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Number of Pages: 720
Publication Date: 2012
Series: Blackwell Companions to Religion
- An ambitious overview of the Bible's impact on Englishliterature – as arguably the most powerful work of literaturein history – from the medieval period through to thetwentieth-century
- Includes introductory sections to each period giving backgroundinformation about the Bible as a source text in English literature,and placing writers in their historical context
- Draws on examples from medieval, early-modern,eighteenth-century and Romantic, Victorian, and Modernistliterature
- Includes many 'secular' or 'anti-clerical' writers alongsidetheir 'Christian' contemporaries, revealing how the Bible's textshifts and changes in the writing of each author who reads andstudies it
Emma Mason is a senior lecturer in English at theUniversity of Warwick. She is the author of Women Poets of theNineteenth Century (2006), Nineteenth Century Religion andLiterature: An Introduction (with Mark Knight, 2006), andThe Cambridge Introduction to Wordsworth (2009), and isco-editor of The Oxford Handbook of the Reception History of theBible (with Michael Lieb and Jonathan Roberts, 2010).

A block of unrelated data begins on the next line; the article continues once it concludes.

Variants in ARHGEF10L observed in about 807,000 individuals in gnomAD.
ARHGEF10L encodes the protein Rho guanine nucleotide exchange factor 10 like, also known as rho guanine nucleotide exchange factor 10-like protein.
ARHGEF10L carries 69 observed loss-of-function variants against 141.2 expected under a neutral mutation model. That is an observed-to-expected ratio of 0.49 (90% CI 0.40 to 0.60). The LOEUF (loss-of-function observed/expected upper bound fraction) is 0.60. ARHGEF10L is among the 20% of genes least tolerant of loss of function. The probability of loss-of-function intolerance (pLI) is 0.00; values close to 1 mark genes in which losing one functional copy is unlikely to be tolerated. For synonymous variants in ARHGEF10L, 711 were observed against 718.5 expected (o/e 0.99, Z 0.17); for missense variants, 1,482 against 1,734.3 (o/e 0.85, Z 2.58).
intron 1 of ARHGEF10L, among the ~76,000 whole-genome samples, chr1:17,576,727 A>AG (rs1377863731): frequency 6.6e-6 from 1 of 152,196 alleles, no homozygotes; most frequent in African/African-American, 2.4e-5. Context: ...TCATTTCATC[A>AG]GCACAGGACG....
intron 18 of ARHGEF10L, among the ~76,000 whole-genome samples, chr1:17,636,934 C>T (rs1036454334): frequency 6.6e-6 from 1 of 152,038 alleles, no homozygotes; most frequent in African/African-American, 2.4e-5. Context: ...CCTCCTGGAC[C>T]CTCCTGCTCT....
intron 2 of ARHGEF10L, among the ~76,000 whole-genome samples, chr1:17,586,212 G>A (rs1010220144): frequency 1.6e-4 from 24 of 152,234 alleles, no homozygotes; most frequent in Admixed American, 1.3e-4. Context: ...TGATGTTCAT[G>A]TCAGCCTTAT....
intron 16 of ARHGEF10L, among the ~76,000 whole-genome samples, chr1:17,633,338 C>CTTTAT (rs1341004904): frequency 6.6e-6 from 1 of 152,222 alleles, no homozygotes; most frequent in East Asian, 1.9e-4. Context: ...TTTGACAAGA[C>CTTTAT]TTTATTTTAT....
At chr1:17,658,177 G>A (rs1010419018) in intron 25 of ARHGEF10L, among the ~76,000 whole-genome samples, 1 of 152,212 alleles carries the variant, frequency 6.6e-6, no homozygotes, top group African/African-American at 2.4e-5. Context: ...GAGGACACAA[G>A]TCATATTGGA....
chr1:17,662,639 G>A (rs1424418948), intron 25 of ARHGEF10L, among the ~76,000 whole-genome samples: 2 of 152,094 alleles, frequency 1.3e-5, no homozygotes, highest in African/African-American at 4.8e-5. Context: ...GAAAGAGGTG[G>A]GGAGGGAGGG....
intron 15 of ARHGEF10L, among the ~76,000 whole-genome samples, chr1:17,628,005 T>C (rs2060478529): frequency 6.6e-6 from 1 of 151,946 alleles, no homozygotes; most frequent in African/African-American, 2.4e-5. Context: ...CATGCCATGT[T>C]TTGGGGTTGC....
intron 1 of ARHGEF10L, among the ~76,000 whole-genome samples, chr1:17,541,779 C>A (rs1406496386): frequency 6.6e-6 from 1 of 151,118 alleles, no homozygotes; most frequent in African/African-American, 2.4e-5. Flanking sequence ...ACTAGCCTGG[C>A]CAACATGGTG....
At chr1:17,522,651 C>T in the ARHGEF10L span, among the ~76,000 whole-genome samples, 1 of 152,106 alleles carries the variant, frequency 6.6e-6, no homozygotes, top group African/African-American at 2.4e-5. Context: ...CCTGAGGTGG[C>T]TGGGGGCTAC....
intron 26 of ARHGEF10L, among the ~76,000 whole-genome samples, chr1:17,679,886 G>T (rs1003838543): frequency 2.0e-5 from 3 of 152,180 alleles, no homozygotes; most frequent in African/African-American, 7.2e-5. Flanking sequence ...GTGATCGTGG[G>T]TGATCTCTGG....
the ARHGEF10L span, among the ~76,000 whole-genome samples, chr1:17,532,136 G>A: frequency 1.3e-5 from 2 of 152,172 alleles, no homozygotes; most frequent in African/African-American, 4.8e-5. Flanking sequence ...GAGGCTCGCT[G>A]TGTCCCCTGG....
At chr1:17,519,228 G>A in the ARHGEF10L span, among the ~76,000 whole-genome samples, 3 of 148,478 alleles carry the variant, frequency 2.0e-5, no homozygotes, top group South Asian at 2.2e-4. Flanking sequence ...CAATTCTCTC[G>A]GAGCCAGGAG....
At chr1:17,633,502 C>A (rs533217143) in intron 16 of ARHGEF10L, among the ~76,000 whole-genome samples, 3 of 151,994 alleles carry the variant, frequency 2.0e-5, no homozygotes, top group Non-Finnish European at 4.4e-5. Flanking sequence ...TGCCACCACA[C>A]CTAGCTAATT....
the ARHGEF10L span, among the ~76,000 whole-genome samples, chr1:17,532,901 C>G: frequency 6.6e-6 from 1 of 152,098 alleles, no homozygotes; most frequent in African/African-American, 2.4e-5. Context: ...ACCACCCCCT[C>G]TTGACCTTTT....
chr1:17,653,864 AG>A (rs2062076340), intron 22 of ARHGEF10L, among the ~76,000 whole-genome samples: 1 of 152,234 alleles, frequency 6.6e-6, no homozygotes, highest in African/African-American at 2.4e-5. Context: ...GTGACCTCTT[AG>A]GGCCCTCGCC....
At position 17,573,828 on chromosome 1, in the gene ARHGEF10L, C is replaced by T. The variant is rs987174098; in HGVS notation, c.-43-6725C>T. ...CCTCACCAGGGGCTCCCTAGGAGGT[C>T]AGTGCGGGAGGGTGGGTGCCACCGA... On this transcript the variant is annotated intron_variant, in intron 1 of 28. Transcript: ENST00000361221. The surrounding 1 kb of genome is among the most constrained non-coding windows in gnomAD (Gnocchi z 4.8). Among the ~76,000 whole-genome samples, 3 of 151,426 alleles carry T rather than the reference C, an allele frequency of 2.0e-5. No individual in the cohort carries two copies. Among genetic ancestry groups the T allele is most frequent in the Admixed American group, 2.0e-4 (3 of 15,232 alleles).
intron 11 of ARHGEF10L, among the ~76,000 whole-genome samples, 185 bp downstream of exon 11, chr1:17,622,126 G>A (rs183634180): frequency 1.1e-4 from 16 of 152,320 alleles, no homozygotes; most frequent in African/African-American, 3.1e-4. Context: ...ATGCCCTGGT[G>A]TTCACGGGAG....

Jonathan Roberts is a lecturer in English at theUniversity of Liverpool. He is the author of William Blake'sPoetry (2007), The Bible for Sinners (with ChristopherRowland, 2008), Blake. Wordsworth. Religion. (2010), and isco-editor of The Oxford Handbook of the Reception History of theBible (with Michael Lieb and Emma Mason, 2010).
Christopher Rowland is Dean Ireland's Professor of HolyExegesis at the University of Oxford. He is the author of a numberof books, including The Nature of New Testament Theology(2006), Revelation Through the Centuries (with JudithKovacs, 2003), and Radical Christian Writings: A Reader(with Andrew Bradstock, 2002), all published by Wiley-Blackwell. Heis Consultant Editor of The Oxford Handbook of the ReceptionHistory of the Bible (edited by Michael Lieb, Emma Mason, andJonathan Roberts, 2010), and together with John Sawyer, JudithKovacs, and David Gunn, he also edits the Blackwell BibleCommentary series.
"Probably what comes across most clearly is how, and that, many of the writers chose deliberately to draw on the Bible, and for students increasingly unfamiliar with the Bible, this approach challenges as well as informs." (Reference Reviews)
"An extremely useful volume." (The Year's Work in English Studies)